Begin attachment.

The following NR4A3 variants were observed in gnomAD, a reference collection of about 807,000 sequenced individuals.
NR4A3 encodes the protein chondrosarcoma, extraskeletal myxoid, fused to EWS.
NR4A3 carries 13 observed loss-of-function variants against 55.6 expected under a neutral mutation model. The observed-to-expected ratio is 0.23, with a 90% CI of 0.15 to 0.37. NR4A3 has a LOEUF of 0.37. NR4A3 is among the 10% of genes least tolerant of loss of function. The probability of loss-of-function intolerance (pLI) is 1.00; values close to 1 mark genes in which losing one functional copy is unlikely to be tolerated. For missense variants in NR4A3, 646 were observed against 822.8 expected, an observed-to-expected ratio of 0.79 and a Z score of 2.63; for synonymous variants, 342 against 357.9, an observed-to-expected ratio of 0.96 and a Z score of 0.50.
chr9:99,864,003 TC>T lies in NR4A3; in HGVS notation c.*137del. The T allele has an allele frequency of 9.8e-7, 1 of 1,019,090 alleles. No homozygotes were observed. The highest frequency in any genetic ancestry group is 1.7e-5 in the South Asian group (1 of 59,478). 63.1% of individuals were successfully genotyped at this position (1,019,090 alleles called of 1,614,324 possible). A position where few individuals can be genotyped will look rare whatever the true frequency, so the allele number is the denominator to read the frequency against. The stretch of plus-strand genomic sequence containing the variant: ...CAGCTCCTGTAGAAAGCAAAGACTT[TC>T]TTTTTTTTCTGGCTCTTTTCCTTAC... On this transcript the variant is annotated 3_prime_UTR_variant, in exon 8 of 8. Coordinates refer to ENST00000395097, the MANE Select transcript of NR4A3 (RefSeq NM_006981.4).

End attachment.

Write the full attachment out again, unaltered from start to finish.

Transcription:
The following NR4A3 variants were observed in gnomAD, a reference collection of about 807,000 sequenced individuals.
NR4A3 encodes the protein chondrosarcoma, extraskeletal myxoid, fused to EWS.
NR4A3 carries 13 observed loss-of-function variants against 55.6 expected under a neutral mutation model. The observed-to-expected ratio is 0.23, with a 90% CI of 0.15 to 0.37. NR4A3 has a LOEUF of 0.37. NR4A3 is among the 10% of genes least tolerant of loss of function. The probability of loss-of-function intolerance (pLI) is 1.00; values close to 1 mark genes in which losing one functional copy is unlikely to be tolerated. For missense variants in NR4A3, 646 were observed against 822.8 expected, an observed-to-expected ratio of 0.79 and a Z score of 2.63; for synonymous variants, 342 against 357.9, an observed-to-expected ratio of 0.96 and a Z score of 0.50.
chr9:99,864,003 TC>T lies in NR4A3; in HGVS notation c.*137del. The T allele has an allele frequency of 9.8e-7, 1 of 1,019,090 alleles. No homozygotes were observed. The highest frequency in any genetic ancestry group is 1.7e-5 in the South Asian group (1 of 59,478). 63.1% of individuals were successfully genotyped at this position (1,019,090 alleles called of 1,614,324 possible). A position where few individuals can be genotyped will look rare whatever the true frequency, so the allele number is the denominator to read the frequency against. The stretch of plus-strand genomic sequence containing the variant: ...CAGCTCCTGTAGAAAGCAAAGACTT[TC>T]TTTTTTTTCTGGCTCTTTTCCTTAC... On this transcript the variant is annotated 3_prime_UTR_variant, in exon 8 of 8. Coordinates refer to ENST00000395097, the MANE Select transcript of NR4A3 (RefSeq NM_006981.4).